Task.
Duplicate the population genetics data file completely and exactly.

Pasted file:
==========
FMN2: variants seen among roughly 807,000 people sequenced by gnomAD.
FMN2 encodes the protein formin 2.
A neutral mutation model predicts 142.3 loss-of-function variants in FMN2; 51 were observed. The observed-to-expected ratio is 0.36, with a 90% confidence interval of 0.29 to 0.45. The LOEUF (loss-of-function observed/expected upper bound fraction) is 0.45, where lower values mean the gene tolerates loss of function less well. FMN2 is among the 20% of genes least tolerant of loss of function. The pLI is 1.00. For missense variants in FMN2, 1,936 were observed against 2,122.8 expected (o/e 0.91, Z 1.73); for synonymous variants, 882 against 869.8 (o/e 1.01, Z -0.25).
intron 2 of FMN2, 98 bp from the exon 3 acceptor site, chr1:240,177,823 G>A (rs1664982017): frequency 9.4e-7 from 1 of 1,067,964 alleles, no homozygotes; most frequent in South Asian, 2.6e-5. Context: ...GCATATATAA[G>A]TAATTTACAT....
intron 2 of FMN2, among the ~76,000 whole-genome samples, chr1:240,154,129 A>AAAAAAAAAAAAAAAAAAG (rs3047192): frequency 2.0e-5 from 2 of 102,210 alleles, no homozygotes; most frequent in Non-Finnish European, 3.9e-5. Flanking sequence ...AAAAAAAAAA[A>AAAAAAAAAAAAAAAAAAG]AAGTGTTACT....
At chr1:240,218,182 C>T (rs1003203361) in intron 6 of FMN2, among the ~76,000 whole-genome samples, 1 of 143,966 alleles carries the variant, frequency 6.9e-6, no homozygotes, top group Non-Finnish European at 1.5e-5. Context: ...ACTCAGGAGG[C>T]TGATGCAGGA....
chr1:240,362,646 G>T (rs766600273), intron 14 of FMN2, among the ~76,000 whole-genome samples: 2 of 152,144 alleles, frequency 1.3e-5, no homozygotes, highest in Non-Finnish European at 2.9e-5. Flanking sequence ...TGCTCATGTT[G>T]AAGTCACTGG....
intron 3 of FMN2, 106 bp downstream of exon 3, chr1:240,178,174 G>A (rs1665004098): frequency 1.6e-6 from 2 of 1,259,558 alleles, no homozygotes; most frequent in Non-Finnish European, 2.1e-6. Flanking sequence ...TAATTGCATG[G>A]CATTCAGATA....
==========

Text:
FMN2: variants seen among roughly 807,000 people sequenced by gnomAD.
FMN2 encodes the protein formin 2.
A neutral mutation model predicts 142.3 loss-of-function variants in FMN2; 51 were observed. The observed-to-expected ratio is 0.36, with a 90% confidence interval of 0.29 to 0.45. The LOEUF (loss-of-function observed/expected upper bound fraction) is 0.45, where lower values mean the gene tolerates loss of function less well. FMN2 is among the 20% of genes least tolerant of loss of function. The pLI is 1.00. For missense variants in FMN2, 1,936 were observed against 2,122.8 expected (o/e 0.91, Z 1.73); for synonymous variants, 882 against 869.8 (o/e 1.01, Z -0.25).
intron 2 of FMN2, 98 bp from the exon 3 acceptor site, chr1:240,177,823 G>A (rs1664982017): frequency 9.4e-7 from 1 of 1,067,964 alleles, no homozygotes; most frequent in South Asian, 2.6e-5. Context: ...GCATATATAA[G>A]TAATTTACAT....
intron 2 of FMN2, among the ~76,000 whole-genome samples, chr1:240,154,129 A>AAAAAAAAAAAAAAAAAAG (rs3047192): frequency 2.0e-5 from 2 of 102,210 alleles, no homozygotes; most frequent in Non-Finnish European, 3.9e-5. Flanking sequence ...AAAAAAAAAA[A>AAAAAAAAAAAAAAAAAAG]AAGTGTTACT....
At chr1:240,218,182 C>T (rs1003203361) in intron 6 of FMN2, among the ~76,000 whole-genome samples, 1 of 143,966 alleles carries the variant, frequency 6.9e-6, no homozygotes, top group Non-Finnish European at 1.5e-5. Context: ...ACTCAGGAGG[C>T]TGATGCAGGA....
chr1:240,362,646 G>T (rs766600273), intron 14 of FMN2, among the ~76,000 whole-genome samples: 2 of 152,144 alleles, frequency 1.3e-5, no homozygotes, highest in Non-Finnish European at 2.9e-5. Flanking sequence ...TGCTCATGTT[G>T]AAGTCACTGG....
intron 3 of FMN2, 106 bp downstream of exon 3, chr1:240,178,174 G>A (rs1665004098): frequency 1.6e-6 from 2 of 1,259,558 alleles, no homozygotes; most frequent in Non-Finnish European, 2.1e-6. Flanking sequence ...TAATTGCATG[G>A]CATTCAGATA....